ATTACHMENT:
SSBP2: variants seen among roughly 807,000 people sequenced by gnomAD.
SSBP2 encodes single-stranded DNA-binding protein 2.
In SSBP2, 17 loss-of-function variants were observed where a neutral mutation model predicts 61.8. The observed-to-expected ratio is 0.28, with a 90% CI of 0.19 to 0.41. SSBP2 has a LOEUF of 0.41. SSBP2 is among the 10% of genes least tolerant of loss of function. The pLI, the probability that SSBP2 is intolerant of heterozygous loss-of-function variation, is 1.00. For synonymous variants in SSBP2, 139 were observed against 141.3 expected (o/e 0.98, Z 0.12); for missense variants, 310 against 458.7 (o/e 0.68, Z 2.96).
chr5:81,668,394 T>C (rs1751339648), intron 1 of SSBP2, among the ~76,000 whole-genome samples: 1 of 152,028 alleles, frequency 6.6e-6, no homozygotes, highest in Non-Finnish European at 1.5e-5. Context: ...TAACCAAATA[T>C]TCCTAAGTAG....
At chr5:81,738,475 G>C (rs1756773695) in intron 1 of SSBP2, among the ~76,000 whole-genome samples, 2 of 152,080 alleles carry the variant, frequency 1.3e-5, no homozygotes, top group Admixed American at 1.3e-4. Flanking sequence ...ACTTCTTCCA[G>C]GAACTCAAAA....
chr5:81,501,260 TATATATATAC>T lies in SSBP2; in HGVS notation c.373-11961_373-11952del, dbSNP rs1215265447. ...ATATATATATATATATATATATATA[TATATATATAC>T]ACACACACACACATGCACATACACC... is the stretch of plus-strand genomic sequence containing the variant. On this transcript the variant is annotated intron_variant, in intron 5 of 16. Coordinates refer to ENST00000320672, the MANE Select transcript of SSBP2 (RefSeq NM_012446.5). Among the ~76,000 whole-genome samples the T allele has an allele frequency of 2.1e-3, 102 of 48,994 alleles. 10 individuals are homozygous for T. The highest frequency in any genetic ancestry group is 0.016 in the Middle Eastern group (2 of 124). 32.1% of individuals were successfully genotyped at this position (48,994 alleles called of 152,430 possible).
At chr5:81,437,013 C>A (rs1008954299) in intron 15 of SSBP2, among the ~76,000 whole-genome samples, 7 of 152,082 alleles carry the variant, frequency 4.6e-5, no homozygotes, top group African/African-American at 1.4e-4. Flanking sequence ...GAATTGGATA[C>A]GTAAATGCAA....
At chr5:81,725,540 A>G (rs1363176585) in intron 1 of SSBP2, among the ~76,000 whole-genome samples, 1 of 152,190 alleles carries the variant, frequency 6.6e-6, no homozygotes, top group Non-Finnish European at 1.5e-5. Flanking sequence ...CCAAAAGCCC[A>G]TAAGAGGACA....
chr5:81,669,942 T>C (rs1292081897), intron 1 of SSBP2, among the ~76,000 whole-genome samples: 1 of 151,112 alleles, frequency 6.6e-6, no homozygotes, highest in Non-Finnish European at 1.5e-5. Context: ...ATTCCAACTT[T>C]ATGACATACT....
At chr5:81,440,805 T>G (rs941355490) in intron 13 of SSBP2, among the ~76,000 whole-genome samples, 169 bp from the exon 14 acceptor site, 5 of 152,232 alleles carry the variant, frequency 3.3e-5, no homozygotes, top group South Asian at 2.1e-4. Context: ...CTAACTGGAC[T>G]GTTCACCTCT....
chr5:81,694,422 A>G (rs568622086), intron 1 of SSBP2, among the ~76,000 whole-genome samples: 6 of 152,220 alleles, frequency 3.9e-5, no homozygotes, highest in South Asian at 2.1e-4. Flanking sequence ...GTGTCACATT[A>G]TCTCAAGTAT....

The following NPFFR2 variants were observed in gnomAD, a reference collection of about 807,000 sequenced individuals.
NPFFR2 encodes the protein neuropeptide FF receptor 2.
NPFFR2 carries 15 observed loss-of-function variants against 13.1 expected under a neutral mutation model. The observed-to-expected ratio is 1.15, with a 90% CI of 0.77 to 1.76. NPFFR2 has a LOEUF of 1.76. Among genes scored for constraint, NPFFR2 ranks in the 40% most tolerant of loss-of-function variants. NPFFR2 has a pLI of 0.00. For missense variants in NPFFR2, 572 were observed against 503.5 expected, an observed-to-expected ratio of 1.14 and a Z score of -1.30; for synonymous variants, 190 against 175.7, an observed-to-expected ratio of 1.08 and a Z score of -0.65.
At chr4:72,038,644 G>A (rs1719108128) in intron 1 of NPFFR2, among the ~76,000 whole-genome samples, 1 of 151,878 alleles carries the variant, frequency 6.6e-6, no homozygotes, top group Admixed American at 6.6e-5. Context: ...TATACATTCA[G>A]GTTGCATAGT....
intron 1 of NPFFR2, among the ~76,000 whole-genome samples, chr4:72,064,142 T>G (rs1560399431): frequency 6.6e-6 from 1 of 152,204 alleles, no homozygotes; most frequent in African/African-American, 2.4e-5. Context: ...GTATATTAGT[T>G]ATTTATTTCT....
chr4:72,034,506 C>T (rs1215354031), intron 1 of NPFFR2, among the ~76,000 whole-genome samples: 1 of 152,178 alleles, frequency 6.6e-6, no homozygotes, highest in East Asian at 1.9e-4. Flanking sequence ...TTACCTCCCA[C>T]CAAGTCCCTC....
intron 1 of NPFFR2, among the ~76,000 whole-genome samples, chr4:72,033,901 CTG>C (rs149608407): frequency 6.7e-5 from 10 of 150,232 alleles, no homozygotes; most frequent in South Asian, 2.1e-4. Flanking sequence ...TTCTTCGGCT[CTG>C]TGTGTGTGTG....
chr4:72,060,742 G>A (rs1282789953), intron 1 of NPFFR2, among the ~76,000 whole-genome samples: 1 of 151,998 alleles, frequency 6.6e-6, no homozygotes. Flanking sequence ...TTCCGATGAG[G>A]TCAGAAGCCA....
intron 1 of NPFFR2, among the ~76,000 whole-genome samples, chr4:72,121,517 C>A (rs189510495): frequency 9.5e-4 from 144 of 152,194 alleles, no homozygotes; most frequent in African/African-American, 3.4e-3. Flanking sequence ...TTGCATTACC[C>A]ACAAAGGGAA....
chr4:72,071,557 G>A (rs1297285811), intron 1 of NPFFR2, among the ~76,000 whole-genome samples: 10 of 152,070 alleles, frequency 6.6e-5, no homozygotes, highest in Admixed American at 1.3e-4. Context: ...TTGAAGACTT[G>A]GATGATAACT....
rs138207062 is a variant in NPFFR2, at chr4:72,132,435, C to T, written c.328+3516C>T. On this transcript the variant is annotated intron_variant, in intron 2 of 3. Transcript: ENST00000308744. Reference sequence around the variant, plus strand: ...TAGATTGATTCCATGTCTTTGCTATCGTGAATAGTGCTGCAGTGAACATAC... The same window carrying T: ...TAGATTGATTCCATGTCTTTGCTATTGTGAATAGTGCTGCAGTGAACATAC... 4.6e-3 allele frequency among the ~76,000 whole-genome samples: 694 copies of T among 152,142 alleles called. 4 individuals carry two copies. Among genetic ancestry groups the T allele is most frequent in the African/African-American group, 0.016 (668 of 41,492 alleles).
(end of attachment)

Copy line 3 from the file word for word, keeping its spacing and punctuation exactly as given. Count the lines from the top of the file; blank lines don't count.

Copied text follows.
In SSBP2, 17 loss-of-function variants were observed where a neutral mutation model predicts 61.8. The observed-to-expected ratio is 0.28, with a 90% CI of 0.19 to 0.41. SSBP2 has a LOEUF of 0.41. SSBP2 is among the 10% of genes least tolerant of loss of function. The pLI, the probability that SSBP2 is intolerant of heterozygous loss-of-function variation, is 1.00. For synonymous variants in SSBP2, 139 were observed against 141.3 expected (o/e 0.98, Z 0.12); for missense variants, 310 against 458.7 (o/e 0.68, Z 2.96).